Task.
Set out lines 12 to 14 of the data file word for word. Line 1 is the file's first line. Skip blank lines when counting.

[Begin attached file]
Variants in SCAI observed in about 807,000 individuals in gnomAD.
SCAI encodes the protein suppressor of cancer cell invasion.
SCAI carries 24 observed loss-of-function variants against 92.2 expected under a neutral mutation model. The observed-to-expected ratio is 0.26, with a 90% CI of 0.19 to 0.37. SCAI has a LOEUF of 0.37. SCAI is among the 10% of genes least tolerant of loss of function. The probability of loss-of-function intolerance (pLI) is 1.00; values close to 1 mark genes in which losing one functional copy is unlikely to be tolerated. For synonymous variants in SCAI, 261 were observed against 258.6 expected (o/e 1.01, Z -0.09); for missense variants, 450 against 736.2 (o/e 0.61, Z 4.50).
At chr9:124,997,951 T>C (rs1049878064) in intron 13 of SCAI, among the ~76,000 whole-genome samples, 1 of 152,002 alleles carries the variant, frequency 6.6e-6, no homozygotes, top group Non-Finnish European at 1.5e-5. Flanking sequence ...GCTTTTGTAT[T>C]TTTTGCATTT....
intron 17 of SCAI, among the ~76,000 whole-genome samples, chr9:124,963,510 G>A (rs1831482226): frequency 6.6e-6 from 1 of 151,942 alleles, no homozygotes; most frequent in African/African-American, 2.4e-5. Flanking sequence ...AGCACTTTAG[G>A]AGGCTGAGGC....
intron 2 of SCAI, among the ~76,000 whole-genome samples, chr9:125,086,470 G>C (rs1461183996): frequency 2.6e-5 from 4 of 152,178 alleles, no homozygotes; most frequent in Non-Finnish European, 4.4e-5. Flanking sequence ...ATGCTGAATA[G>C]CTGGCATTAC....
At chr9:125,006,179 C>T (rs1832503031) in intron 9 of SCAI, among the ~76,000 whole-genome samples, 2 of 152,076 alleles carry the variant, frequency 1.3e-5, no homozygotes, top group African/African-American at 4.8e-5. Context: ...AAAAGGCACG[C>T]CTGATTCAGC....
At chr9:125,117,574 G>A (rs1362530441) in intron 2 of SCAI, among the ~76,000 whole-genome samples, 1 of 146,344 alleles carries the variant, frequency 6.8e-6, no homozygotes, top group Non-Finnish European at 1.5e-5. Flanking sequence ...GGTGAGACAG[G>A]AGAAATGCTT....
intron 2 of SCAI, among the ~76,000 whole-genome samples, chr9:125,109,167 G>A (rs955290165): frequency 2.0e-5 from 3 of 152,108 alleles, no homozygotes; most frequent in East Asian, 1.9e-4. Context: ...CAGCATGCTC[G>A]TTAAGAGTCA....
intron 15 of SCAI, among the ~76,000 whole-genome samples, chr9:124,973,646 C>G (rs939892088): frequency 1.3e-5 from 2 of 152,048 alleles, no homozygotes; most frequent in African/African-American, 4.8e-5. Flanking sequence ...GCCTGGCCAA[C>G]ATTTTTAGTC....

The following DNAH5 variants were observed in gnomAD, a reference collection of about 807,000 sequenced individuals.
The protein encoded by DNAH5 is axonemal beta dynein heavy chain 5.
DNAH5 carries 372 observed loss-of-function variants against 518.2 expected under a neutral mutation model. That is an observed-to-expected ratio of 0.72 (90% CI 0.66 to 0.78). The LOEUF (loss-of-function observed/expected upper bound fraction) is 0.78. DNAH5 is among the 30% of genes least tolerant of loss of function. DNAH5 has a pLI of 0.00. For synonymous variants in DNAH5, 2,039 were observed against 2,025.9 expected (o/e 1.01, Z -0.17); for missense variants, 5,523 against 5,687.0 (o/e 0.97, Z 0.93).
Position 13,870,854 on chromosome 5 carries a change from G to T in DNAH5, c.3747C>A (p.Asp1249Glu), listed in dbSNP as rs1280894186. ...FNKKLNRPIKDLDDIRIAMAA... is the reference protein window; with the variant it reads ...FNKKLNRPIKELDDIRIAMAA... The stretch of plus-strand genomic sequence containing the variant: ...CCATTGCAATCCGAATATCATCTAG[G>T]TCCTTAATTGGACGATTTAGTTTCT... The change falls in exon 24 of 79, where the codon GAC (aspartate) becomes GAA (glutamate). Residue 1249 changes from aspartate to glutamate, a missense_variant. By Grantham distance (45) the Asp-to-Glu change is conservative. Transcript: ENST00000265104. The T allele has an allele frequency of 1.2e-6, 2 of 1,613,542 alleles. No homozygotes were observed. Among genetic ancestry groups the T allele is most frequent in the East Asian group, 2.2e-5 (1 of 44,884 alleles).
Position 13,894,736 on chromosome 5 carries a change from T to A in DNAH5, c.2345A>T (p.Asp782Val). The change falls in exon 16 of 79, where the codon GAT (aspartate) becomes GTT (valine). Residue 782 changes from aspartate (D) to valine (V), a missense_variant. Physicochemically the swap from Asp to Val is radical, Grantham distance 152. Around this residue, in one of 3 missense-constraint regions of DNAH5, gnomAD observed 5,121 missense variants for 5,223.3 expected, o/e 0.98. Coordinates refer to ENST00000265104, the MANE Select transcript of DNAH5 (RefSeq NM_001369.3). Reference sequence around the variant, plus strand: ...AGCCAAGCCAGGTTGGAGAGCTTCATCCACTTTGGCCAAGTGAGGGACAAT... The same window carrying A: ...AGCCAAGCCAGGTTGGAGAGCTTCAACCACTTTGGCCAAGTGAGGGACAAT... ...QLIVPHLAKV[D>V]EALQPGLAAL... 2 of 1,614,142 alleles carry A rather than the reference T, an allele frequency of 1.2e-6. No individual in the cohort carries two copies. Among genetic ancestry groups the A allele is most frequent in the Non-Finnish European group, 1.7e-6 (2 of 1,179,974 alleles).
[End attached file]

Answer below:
The protein encoded by DNAH5 is axonemal beta dynein heavy chain 5.
DNAH5 carries 372 observed loss-of-function variants against 518.2 expected under a neutral mutation model. That is an observed-to-expected ratio of 0.72 (90% CI 0.66 to 0.78). The LOEUF (loss-of-function observed/expected upper bound fraction) is 0.78. DNAH5 is among the 30% of genes least tolerant of loss of function. DNAH5 has a pLI of 0.00. For synonymous variants in DNAH5, 2,039 were observed against 2,025.9 expected (o/e 1.01, Z -0.17); for missense variants, 5,523 against 5,687.0 (o/e 0.97, Z 0.93).
Position 13,870,854 on chromosome 5 carries a change from G to T in DNAH5, c.3747C>A (p.Asp1249Glu), listed in dbSNP as rs1280894186. ...FNKKLNRPIKDLDDIRIAMAA... is the reference protein window; with the variant it reads ...FNKKLNRPIKELDDIRIAMAA... The stretch of plus-strand genomic sequence containing the variant: ...CCATTGCAATCCGAATATCATCTAG[G>T]TCCTTAATTGGACGATTTAGTTTCT... The change falls in exon 24 of 79, where the codon GAC (aspartate) becomes GAA (glutamate). Residue 1249 changes from aspartate to glutamate, a missense_variant. By Grantham distance (45) the Asp-to-Glu change is conservative. Transcript: ENST00000265104. The T allele has an allele frequency of 1.2e-6, 2 of 1,613,542 alleles. No homozygotes were observed. Among genetic ancestry groups the T allele is most frequent in the East Asian group, 2.2e-5 (1 of 44,884 alleles).